14. ÓT 1958-2000 = Ólafur Halldórsson, ed. 1958-2000. Saga Óláfs Tryggvasonar en mesta. 3 vols. EA A 1-3. Copenhagen: Munksgaard (Reitzel).
  15. SnE 2005 = Snorri Sturluson. 2005. Edda: Prologue and Gylfaginning. Ed. Anthony Faulkes. 2nd edn. University College London: Viking Society for Northern Research.
  16. Internal references
  17. Kari Ellen Gade 2009, ‘Heimskringla (Hkr)’ in Kari Ellen Gade (ed.), Poetry from the Kings’ Sagas 2: From c. 1035 to c. 1300. Skaldic Poetry of the Scandinavian Middle Ages 2. Turnhout: Brepols [check printed volume for citation].
  18. Diana Whaley 2012, ‘Fagrskinna (Fsk)’ in Diana Whaley (ed.), Poetry from the Kings’ Sagas 1: From Mythical Times to c. 1035. Skaldic Poetry of the Scandinavian Middle Ages 1. Turnhout: Brepols, pp. clix-clxi.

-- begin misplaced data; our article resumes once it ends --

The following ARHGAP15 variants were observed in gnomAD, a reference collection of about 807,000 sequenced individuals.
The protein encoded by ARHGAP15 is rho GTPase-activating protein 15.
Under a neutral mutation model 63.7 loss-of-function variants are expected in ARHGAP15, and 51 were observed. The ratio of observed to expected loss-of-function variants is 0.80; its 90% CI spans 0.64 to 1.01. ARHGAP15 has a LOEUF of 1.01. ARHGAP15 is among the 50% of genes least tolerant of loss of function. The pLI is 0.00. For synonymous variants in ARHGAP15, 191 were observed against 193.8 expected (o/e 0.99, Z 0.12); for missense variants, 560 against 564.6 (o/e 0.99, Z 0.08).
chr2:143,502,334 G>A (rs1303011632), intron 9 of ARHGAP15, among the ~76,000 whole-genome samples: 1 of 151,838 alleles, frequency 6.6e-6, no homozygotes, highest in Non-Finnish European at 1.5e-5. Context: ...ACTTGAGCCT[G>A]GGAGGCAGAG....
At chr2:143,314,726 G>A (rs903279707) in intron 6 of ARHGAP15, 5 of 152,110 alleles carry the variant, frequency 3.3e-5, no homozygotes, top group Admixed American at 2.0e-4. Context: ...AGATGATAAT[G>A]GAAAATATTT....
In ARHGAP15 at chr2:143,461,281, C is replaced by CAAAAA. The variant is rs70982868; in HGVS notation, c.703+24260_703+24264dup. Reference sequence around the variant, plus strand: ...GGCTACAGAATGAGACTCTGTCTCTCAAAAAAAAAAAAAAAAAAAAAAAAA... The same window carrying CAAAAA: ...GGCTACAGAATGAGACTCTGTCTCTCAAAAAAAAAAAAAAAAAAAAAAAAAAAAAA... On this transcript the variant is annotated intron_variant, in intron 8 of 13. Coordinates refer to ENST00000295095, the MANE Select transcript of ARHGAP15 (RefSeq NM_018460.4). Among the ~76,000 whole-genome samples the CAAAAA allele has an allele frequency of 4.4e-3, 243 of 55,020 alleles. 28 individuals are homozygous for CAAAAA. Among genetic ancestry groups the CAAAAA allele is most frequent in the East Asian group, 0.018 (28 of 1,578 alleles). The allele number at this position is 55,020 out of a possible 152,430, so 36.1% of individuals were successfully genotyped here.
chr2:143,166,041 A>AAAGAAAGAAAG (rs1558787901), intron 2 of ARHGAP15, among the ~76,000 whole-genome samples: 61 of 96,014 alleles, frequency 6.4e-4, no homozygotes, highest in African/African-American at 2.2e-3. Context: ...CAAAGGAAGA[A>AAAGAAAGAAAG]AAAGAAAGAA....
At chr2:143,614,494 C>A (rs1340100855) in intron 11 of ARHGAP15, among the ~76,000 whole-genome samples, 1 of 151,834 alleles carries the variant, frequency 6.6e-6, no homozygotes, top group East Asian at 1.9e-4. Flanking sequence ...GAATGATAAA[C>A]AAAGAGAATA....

19. Diana Whaley 2012, ‘The Greatest Saga of Óláfr Tryggvason / Óláfs saga Tryggvasonar in mesta (ÓT)’ in Diana Whaley (ed.), Poetry from the Kings’ Sagas 1: From Mythical Times to c. 1035. Skaldic Poetry of the Scandinavian Middle Ages 1. Turnhout: Brepols, pp. clxiii-clxvi.
  20. Not published: do not cite (GylfIII)
  21. Diana Whaley 2012, ‘(Biography of) Óláfr Tryggvason’ in Diana Whaley (ed.), Poetry from the Kings’ Sagas 1: From Mythical Times to c. 1035. Skaldic Poetry of the Scandinavian Middle Ages 1. Turnhout: Brepols, p. 383.
  22. Diana Whaley (ed.) 2009, ‘Arnórr jarlaskáld Þórðarson, Hrynhenda, Magnússdrápa 7’ in Kari Ellen Gade (ed.), Poetry from the Kings’ Sagas 2: From c. 1035 to c. 1300. Skaldic Poetry of the Scandinavian Middle Ages 2. Turnhout: Brepols, pp. 191-2.